14 August 2008
The Connecticut Crew (Dori, George and Liz) with Audrey and Bill at the Victoria Guest House in Dover
Leaving Dover by ferry this time
White Cliffs north of Dover harbour
Dave, our beer sherpa
On Wednesday morning, we set off in our Ford Fiesta rental car to see Cap Gris Nez in the daylight. We drove through many cute French towns on our way to the Cap. We stopped for lunch of mussels and pomme frites. We bought a bottle of local beer called 2 Caps (named after Cap Blanc Nez and Cap Gris Nez) to take with us the Cap for a celebratory toast.
The French coast
When we got to the Cap, we had to wait out a brief sun shower at the lighthouse. I had heard from one of the ferry operators that 50 MPH winds were expected. They weren't kidding! We later found out that the ferries were suspended that day.
Celebrating at the Cap
Rocky shoreline under the lighthouse, approximately where I finished my swim
09 August 2008
Thanks so much to Chris and his crew and my crew for sticking it out with me when the going got tough and we all had our doubts. Thanks to everyone I met on the beach this week, Freda, Barry, Irene, Louise and Cliff, Bill and Audrey at the Victoria Guest House and the Connecticut crew.
Now I know a little something about the Channel and I'm looking forward to taking the ferry next time.
I forgot who told me about the peppermint tea this week... it was my savior.
08 August 2008
'Just Chris taking Dori & Dave Whyte taking Kevin Anderson left now I think..Both in the North East lane when I last heard.'
Excellent news that Dori is still out there.
Sorry I can't be more specific. No direct contact with the crew. Will post news when I have it.
'Chris (Dori) are WNW of Dover just about to enter the Separation zone.'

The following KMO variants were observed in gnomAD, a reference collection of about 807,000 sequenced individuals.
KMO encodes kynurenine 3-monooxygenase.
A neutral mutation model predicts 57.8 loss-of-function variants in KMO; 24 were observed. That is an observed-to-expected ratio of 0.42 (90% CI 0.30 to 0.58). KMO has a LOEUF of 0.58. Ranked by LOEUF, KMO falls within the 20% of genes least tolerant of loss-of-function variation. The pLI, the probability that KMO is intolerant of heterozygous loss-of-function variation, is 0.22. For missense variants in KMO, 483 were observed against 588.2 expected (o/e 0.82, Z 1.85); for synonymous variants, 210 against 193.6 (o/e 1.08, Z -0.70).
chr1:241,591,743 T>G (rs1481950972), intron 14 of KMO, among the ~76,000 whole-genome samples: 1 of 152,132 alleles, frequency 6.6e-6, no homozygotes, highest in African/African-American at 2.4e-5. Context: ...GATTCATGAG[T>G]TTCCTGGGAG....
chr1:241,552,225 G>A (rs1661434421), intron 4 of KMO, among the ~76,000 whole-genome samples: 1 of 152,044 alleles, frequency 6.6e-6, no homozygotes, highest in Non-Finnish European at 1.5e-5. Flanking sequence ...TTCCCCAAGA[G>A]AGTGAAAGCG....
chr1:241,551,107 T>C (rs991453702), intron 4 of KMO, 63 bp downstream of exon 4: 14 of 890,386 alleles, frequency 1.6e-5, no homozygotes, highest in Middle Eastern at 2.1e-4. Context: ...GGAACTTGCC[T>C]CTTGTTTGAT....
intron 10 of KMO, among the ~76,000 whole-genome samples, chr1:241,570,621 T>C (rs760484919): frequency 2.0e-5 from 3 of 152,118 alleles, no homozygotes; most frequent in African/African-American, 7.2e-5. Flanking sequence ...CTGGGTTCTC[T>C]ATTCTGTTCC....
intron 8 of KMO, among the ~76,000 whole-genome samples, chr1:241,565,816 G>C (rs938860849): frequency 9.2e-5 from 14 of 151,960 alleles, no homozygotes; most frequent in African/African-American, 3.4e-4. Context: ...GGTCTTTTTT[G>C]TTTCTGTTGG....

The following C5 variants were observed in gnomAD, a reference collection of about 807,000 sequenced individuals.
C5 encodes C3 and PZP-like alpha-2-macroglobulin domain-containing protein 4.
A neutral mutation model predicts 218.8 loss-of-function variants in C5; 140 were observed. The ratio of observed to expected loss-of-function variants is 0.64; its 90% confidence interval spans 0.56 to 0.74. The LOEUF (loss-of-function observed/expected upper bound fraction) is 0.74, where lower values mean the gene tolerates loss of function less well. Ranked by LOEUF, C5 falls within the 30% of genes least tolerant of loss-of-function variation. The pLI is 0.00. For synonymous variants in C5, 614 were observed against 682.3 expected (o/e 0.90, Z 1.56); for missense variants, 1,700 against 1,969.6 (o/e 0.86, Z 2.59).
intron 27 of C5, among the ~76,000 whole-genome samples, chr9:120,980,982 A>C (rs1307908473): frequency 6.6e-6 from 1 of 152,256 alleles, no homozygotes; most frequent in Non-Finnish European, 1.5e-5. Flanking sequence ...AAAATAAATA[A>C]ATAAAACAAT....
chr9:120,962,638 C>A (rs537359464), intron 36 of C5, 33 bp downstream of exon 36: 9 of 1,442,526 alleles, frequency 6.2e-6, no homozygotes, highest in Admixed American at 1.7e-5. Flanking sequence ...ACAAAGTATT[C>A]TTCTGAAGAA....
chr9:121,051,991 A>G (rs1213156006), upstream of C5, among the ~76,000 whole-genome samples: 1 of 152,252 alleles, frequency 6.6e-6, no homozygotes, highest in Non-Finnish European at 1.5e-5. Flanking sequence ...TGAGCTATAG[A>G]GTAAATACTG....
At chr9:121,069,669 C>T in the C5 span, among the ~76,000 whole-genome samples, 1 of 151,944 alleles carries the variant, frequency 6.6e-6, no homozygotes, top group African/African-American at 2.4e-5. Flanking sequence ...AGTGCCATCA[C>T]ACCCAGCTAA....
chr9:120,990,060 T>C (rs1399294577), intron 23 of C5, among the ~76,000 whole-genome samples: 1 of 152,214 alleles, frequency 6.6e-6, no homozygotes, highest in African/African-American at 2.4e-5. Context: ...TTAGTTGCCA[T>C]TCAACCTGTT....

The Separation Zone is basically the middle of the Channel that separates the two shipping lanes so Dori is doing really well.
Sorry that I don't have any more info at the moment but communication by cell/mobile is touch and go half way across.
We will be setting off from Samphire Hoe at 2:30 pm BST. There are northwesterly winds today so they will be at my back and hopefully giving me a little push to France.
Hopefully 8.8.08 will be my lucky day.
06 August 2008
Here are some photos of Dover Harbour.
Swimmer's Beach, looking towards the White Cliffs.
Looking towards the left wall at low tide. Ferry coming into port.
Looking towards the right wall.
Seeking boat and pilot.
The Seafarer II, my ride back to England.
02 August 2008
Dover Beach, Friday 1 August
Training in Dover Harbour has been and fun and interesting. Yesterday was a beautiful sunny day, but it was very windy. When I got to the beach there were a few other swimmers who had just completed their swims. I met Cliff and chatted with him before my swim.
When I got in the water I noticed two things; the water didn't feel cold to me at all and it is really, really salty. I don't remember it being that salty when I was here last May. I just remember it was really cold.
There are piers with ferry terminals on either side of the harbour. The walls of these terminals create the harbour where the swimmers, sailers and rowers train. With the wind coming from the south, the right wall provided a little relief and the water was calmer. The other side of the harbour was very choppy because the water was being pushed against the opposite wall. I swam for an hour and a half in the choppy water.
Saturday 2 August
Today was cloudy and the water was even choppier than the day before. We gathered early on the beach because the swimmers had to be out of the water by 1pm for the Dover Regatta. After checking in with Freda, getting my cap and greasing up, I was ready for my 4 hour swim.
It was low tide when I started swimming and even though it wasn't as windy as the before, there was a lot of water moving around in the harbour. I swam laps back and forth from swimmers beach to the left wall. I came in after an hour and 20 mintues and got a warm cup of juice and Maxim from Barry. I spend much of the next hour swimming against the current, swimming in place for 5 mintues for at time. It was a bit calmer in that spot so I could relax and not fight the water. After a while the current let me go and I swam forward. Then I turned around, swam back and did it over again. During the third hour the waves picked up even more as the tide came in. It was hard to keep from swallowing water or see over the waves. I wrapped up the swim at 3 hours and 50 minutes.
My friend Tony, who attempted to swim the channel last year, came down on the train from London for the day. After the swim we got paela and a pint from the vendors at the regatta.
Here is the view of the harbour after today's swim.